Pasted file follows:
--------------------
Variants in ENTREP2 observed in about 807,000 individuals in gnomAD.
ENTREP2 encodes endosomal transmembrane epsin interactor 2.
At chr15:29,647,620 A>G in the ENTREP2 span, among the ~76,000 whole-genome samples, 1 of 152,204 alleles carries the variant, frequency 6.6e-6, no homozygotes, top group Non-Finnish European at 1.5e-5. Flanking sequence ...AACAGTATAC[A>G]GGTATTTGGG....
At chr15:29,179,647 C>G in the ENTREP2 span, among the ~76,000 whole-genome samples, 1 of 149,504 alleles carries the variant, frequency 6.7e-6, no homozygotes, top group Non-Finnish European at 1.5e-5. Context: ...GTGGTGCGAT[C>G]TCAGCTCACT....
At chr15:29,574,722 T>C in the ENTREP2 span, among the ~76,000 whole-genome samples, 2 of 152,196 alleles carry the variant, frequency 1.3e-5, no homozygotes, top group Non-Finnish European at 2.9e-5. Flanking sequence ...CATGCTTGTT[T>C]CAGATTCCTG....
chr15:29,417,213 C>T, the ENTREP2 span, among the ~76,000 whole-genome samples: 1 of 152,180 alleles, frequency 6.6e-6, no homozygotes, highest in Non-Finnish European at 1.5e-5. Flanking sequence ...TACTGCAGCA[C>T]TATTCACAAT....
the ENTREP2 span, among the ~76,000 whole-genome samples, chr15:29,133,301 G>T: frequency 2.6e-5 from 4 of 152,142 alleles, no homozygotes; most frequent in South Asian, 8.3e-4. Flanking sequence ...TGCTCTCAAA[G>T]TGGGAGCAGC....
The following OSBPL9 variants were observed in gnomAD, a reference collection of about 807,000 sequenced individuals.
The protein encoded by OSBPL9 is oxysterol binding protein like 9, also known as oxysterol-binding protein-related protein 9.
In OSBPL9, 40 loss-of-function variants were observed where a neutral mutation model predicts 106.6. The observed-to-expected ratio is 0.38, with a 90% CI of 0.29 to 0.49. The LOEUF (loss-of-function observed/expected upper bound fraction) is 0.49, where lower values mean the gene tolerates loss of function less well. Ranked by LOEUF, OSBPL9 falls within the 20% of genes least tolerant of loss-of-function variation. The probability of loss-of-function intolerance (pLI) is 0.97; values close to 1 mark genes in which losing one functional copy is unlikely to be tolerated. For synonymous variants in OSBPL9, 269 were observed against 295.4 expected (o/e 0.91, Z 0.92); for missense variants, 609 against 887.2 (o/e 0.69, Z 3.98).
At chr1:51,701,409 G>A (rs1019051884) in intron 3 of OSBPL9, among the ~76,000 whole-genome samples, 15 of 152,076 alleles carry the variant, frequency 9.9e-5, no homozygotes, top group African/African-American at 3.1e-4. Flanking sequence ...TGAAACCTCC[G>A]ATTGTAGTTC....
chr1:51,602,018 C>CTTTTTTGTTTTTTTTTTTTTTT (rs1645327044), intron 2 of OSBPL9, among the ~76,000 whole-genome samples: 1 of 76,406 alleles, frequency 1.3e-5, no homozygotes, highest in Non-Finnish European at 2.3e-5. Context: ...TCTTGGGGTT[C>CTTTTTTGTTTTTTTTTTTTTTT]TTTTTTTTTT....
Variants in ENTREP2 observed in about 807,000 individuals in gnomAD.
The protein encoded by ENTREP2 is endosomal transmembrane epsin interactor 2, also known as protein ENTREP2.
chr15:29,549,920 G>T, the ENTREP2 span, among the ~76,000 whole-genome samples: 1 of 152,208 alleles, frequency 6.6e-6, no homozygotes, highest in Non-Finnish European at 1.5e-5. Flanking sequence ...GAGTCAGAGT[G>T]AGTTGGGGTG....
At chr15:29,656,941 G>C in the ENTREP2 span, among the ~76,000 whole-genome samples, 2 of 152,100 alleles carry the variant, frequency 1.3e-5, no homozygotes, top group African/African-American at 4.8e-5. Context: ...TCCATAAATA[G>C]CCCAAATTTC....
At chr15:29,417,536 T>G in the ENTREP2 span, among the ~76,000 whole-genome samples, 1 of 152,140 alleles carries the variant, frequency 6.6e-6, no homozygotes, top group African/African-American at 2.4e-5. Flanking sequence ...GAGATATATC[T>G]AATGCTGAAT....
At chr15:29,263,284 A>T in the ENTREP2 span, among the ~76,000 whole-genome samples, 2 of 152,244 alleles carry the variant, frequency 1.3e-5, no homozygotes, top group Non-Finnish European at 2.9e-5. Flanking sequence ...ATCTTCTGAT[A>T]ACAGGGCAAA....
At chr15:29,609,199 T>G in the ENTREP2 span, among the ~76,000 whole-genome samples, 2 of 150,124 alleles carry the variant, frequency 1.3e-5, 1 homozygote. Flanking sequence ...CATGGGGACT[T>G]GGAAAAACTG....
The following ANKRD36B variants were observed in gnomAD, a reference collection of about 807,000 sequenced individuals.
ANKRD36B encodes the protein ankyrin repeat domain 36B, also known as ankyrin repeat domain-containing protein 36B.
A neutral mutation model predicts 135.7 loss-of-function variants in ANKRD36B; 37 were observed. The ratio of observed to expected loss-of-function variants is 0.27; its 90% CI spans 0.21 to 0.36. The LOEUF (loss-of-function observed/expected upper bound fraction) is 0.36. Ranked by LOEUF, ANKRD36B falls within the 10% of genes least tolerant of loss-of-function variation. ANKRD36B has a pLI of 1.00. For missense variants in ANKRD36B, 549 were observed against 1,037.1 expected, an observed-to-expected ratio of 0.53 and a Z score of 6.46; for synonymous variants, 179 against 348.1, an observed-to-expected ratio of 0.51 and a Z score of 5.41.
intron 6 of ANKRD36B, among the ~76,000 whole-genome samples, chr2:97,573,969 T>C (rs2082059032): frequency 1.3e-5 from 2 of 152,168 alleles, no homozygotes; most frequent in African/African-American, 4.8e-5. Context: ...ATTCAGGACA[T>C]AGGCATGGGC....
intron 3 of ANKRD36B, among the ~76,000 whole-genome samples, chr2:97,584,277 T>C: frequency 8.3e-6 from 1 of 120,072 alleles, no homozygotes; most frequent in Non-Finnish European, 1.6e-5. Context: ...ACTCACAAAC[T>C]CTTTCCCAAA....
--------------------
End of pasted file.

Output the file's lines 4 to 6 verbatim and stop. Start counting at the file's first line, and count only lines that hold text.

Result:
At chr15:29,179,647 C>G in the ENTREP2 span, among the ~76,000 whole-genome samples, 1 of 149,504 alleles carries the variant, frequency 6.7e-6, no homozygotes, top group Non-Finnish European at 1.5e-5. Context: ...GTGGTGCGAT[C>G]TCAGCTCACT....
At chr15:29,574,722 T>C in the ENTREP2 span, among the ~76,000 whole-genome samples, 2 of 152,196 alleles carry the variant, frequency 1.3e-5, no homozygotes, top group Non-Finnish European at 2.9e-5. Flanking sequence ...CATGCTTGTT[T>C]CAGATTCCTG....
chr15:29,417,213 C>T, the ENTREP2 span, among the ~76,000 whole-genome samples: 1 of 152,180 alleles, frequency 6.6e-6, no homozygotes, highest in Non-Finnish European at 1.5e-5. Flanking sequence ...TACTGCAGCA[C>T]TATTCACAAT....